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Thread: looking for a small a/c motor

  1. #11

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    Quote Originally Posted by tipc View Post
    Brass or steel ways?
    It has brass ways. I did buy it when most of the accessories were cheaper. There is no digital readouts. You just have to know that moving the tool in by 1 mil is really 2 mils of cut. I've often wanted an angled tool mount for doing threads. These are all things I could make but just never took the time. I do have the poor man's mill attachment and have used it for small aluminum stuff.
    The controller for the speed is a piece of junk. I'm not even thinking of upgrading it as the variac works well enough.
    I've made a few things for it. I have an adapter I made for the next taper mount size up ( I forget what it was but the more common size ). Things like that.
    I mostly turn brass parts on it but have done some steel.
    Dwight

  2. #12

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    I should note that I've considered making a vertical mount for it. I always worry a little about the damage to the way because of junk falling on it all the time. There is no reason that the way has to be below the work. Having it, right to left, behind make a lot of sense. I suspect it is just traditional.
    You'd get less trash on the way and easier cleanup.
    Dwight

  3. #13
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    DC has a bunch of advantages among which are low-speed torque; with AC induction motors, the torque drops as speed decreases. I've got a 48VDC motor with precision optical encoder attached; it's about the size of a tall beer can. I guarantee it'll rip your hand off if you try to stop it. You could use it for very precise speed control, but maybe that's overkill. Almost any servo motor from a daisy wheel printer will probably behave the same way. If you want to go big--I've got a Baldor DC "SCR Motor' that I picked up NOS years ago. I think the nameplate says 1/6 HP.

  4. #14
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    Here's a compact but powerful DC motor and controller package that should have ample torque: https://www.ebay.com/itm/DHL-Electric-Motor-72V-3000W-Brushless-Motor-Controller-48V-72V-50A-Scooter-Kit/283841236792

    It was used in Peter Sripol's amphibious GoKart build: https://www.youtube.com/watch?v=diTMSJhuG9Q

    After watching that I considered this setup for replacing the 2-stroke snowmobile donk in my 60's vintage Banana Splits 6x6 amphibious ATV, but whether to have one and use the existing skid-steer gearbox or go with a motor and controller for each set of wheels. Two would be nice, but quite pricey by the time I shipped to Oz. Full torque from zero RPM but would surely be a reduced top speed. However I have so many projects to work on at the moment I realistically don't think I'd be getting around to it for quite a long time.

  5. #15
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    If it was used in a go-kart, it's gross overkill for a small lathe. I'm thinking if I were to go dc I could cobble something together for half that. A lot of guys were utilizing treadmill motors, and you can scrounge or get 1 new for ~40$ from Surplus Center over here.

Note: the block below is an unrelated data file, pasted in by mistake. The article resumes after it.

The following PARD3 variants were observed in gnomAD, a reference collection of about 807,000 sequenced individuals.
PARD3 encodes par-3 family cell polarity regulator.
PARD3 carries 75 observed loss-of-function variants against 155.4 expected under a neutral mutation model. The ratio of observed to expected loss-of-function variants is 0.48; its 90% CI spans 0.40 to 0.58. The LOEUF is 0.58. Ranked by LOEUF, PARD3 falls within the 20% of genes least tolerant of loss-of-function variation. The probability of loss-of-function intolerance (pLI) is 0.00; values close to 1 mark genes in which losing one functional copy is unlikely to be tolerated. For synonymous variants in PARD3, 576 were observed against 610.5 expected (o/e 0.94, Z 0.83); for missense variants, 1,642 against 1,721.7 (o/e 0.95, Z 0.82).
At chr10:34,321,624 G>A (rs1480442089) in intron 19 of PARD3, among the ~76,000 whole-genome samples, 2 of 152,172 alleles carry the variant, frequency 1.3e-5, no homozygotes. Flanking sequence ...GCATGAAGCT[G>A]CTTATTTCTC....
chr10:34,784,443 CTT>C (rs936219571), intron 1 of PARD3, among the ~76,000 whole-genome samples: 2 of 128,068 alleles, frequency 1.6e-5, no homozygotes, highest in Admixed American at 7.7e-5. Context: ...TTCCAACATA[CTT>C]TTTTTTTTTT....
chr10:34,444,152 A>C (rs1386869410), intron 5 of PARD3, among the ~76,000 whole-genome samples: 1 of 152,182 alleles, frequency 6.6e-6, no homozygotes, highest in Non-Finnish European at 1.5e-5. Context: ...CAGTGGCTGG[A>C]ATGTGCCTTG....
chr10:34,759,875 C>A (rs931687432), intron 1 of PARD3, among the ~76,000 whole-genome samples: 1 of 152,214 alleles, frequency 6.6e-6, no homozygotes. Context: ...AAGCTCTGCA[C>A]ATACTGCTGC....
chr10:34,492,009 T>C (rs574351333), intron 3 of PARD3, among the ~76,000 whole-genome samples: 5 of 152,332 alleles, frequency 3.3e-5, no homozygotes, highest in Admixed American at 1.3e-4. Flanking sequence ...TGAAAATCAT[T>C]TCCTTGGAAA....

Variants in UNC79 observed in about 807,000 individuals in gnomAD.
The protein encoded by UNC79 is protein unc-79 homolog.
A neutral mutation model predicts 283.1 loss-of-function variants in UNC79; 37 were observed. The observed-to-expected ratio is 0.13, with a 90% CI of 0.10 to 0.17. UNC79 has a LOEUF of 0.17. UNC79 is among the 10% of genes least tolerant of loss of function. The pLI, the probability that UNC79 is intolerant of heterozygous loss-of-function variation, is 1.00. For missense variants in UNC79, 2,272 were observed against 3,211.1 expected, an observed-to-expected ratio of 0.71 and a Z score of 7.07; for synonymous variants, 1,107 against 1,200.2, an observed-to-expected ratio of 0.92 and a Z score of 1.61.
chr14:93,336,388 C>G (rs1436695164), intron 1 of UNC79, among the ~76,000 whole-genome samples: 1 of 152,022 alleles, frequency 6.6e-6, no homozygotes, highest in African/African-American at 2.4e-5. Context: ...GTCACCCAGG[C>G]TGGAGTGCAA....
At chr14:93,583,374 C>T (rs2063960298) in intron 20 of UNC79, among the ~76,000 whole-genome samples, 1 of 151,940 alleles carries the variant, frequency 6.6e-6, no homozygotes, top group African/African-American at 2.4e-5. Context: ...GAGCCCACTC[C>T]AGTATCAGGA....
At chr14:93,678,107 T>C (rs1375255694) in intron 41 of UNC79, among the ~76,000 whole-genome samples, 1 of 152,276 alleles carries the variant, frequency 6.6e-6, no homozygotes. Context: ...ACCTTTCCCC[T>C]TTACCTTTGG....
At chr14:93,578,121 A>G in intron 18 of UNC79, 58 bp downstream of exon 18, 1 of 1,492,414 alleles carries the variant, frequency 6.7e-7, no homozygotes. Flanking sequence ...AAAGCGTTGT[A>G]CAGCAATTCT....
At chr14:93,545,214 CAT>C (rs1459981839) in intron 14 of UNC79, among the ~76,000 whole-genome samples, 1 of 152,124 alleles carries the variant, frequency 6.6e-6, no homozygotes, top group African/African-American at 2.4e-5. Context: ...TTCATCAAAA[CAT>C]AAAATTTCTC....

6. #16
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    So I found an d Craftsman disk/belt sander on the road LOL. And a router table. Man life is good. Haven't plugged any of it in yet, but the semi open frame motor on the belt sander has got to be powerful enough. I imagine I'll have to make a pulley as the Machinex uses these skinny belts.

  7. #17
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    https://www.surpluscenter.com/Electr...er-11-2269.axd

    This may represent a possibility.

  8. #18
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    Quote Originally Posted by tipc View Post
    So I found an d Craftsman disk/belt sander on the road LOL. And a router table. Man life is good. Haven't plugged any of it in yet, but the semi open frame motor on the belt sander has got to be powerful enough. I imagine I'll have to make a pulley as the Machinex uses these skinny belts.
    Make sure you do continuity checks on the armature windings to the armature core, and the field windings to the body of the motor. There's usually a reason old power equipment is dumped.

    If any of the coils are shorted, the motor isn't safe to use until rewound. Rewinding a motor isn't terribly difficult, it's just a game of patience because it takes a good while to do if you don't have a coil winder.

  9. #19

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    I've only wound a 3 pole dc motor armature as a kid. I've never tried a AC/DC armature. It looks really hard to me. I have rewound a skill saw field winding. That wasn't real hard. I still have that saw and used it just about a month and a half ago. I wound it in the late 1970's, as I recall.
    Dwight

  10. #20
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    The motor is likely a series-wound ("universal") job, which generally means high RPM. Be sure that you can deal with 15K RPM speeds. Fortunately, you can just throttle one down with a lamp-dimmer type of control.

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